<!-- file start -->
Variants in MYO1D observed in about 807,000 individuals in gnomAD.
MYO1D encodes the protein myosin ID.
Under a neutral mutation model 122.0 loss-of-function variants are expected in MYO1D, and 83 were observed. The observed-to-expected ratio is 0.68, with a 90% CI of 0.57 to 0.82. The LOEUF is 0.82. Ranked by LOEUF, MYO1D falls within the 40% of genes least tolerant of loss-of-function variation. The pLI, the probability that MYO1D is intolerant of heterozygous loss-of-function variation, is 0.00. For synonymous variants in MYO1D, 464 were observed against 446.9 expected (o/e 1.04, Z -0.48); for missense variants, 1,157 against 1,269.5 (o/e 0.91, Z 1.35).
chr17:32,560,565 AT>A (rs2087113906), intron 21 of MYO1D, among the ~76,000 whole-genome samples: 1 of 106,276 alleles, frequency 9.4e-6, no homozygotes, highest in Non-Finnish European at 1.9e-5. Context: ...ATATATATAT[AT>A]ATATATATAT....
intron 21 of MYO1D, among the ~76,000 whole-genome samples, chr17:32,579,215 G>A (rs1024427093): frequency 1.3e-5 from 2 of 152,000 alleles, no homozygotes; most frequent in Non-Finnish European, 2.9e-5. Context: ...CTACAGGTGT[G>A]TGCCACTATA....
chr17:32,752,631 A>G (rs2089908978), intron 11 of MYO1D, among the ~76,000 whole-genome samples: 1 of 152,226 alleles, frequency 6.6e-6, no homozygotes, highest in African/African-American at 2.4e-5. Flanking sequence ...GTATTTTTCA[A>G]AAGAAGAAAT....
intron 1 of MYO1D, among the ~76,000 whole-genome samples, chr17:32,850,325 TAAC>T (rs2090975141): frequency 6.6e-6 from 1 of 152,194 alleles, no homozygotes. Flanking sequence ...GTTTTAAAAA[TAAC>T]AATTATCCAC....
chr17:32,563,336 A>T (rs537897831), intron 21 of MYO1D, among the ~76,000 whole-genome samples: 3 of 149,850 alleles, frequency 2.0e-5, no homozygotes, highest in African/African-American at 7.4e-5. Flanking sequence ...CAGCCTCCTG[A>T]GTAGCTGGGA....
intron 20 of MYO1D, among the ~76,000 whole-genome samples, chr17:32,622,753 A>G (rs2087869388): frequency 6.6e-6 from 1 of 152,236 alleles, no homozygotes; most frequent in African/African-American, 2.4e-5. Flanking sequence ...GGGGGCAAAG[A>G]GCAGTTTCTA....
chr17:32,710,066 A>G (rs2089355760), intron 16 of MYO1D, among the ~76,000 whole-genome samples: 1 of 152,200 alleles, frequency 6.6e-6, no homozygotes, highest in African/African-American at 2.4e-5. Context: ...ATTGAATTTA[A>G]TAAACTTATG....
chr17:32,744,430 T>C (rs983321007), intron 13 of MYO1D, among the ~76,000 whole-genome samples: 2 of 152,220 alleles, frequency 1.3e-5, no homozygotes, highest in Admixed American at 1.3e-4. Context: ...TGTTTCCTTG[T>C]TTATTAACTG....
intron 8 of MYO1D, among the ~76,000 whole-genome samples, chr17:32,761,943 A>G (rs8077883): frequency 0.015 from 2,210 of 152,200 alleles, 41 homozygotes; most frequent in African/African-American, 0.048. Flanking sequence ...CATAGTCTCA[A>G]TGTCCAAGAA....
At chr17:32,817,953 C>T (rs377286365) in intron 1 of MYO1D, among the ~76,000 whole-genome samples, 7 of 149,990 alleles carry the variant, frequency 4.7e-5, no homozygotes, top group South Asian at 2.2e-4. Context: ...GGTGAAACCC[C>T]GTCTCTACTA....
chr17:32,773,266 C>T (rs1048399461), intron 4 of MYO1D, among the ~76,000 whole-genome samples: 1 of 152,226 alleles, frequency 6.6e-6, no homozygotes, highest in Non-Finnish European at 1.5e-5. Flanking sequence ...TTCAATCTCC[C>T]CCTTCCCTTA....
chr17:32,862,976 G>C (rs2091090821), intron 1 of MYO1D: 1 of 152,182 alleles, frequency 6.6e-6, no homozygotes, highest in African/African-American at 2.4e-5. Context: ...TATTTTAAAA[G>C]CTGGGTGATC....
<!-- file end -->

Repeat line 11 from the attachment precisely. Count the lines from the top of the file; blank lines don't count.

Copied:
chr17:32,744,430 T>C (rs983321007), intron 13 of MYO1D, among the ~76,000 whole-genome samples: 2 of 152,220 alleles, frequency 1.3e-5, no homozygotes, highest in Admixed American at 1.3e-4. Context: ...TGTTTCCTTG[T>C]TTATTAACTG....